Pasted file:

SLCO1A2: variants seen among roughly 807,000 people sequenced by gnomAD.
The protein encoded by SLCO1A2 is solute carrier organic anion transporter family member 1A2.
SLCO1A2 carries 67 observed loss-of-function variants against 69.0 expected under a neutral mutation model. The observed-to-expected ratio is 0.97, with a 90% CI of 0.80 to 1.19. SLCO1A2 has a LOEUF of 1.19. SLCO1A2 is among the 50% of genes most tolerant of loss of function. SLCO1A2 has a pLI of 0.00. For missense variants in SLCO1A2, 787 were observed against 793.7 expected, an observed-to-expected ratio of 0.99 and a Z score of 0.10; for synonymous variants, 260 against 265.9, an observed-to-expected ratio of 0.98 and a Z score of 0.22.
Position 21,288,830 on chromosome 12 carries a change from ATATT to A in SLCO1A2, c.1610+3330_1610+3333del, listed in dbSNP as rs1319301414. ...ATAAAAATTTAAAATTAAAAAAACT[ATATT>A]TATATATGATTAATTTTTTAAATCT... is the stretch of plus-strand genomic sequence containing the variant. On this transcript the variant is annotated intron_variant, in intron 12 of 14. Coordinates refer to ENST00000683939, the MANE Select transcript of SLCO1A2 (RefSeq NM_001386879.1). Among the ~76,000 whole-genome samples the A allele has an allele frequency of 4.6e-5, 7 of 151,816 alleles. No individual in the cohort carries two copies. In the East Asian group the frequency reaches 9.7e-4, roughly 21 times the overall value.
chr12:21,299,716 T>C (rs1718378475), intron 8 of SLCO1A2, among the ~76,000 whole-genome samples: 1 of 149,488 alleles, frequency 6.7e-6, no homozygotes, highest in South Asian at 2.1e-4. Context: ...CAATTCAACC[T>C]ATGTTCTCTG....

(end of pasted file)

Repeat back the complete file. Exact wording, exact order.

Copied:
SLCO1A2: variants seen among roughly 807,000 people sequenced by gnomAD.
The protein encoded by SLCO1A2 is solute carrier organic anion transporter family member 1A2.
SLCO1A2 carries 67 observed loss-of-function variants against 69.0 expected under a neutral mutation model. The observed-to-expected ratio is 0.97, with a 90% CI of 0.80 to 1.19. SLCO1A2 has a LOEUF of 1.19. SLCO1A2 is among the 50% of genes most tolerant of loss of function. SLCO1A2 has a pLI of 0.00. For missense variants in SLCO1A2, 787 were observed against 793.7 expected, an observed-to-expected ratio of 0.99 and a Z score of 0.10; for synonymous variants, 260 against 265.9, an observed-to-expected ratio of 0.98 and a Z score of 0.22.
Position 21,288,830 on chromosome 12 carries a change from ATATT to A in SLCO1A2, c.1610+3330_1610+3333del, listed in dbSNP as rs1319301414. ...ATAAAAATTTAAAATTAAAAAAACT[ATATT>A]TATATATGATTAATTTTTTAAATCT... is the stretch of plus-strand genomic sequence containing the variant. On this transcript the variant is annotated intron_variant, in intron 12 of 14. Coordinates refer to ENST00000683939, the MANE Select transcript of SLCO1A2 (RefSeq NM_001386879.1). Among the ~76,000 whole-genome samples the A allele has an allele frequency of 4.6e-5, 7 of 151,816 alleles. No individual in the cohort carries two copies. In the East Asian group the frequency reaches 9.7e-4, roughly 21 times the overall value.
chr12:21,299,716 T>C (rs1718378475), intron 8 of SLCO1A2, among the ~76,000 whole-genome samples: 1 of 149,488 alleles, frequency 6.7e-6, no homozygotes, highest in South Asian at 2.1e-4. Context: ...CAATTCAACC[T>C]ATGTTCTCTG....